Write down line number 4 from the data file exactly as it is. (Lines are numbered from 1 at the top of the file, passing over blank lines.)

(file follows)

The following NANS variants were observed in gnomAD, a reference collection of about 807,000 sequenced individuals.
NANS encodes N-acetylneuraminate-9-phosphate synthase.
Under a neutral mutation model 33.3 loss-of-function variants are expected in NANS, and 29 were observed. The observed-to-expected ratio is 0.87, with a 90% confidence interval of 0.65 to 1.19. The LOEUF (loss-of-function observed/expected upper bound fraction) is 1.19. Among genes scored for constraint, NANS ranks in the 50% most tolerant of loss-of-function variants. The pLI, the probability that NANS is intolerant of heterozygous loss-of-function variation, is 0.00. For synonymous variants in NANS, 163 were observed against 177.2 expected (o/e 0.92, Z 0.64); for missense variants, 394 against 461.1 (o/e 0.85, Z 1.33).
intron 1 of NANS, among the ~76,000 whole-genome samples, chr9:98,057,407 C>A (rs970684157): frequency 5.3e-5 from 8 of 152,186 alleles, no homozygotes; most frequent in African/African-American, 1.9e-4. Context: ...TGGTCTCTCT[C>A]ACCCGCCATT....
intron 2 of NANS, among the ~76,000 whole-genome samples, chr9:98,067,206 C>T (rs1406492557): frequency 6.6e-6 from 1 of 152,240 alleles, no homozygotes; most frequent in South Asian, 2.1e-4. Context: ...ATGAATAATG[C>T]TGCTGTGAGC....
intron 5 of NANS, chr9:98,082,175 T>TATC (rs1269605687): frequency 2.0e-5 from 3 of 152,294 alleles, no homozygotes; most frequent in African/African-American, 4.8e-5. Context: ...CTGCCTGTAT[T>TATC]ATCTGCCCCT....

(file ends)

intron 1 of NANS, among the ~76,000 whole-genome samples, chr9:98,057,407 C>A (rs970684157): frequency 5.3e-5 from 8 of 152,186 alleles, no homozygotes; most frequent in African/African-American, 1.9e-4. Context: ...TGGTCTCTCT[C>A]ACCCGCCATT....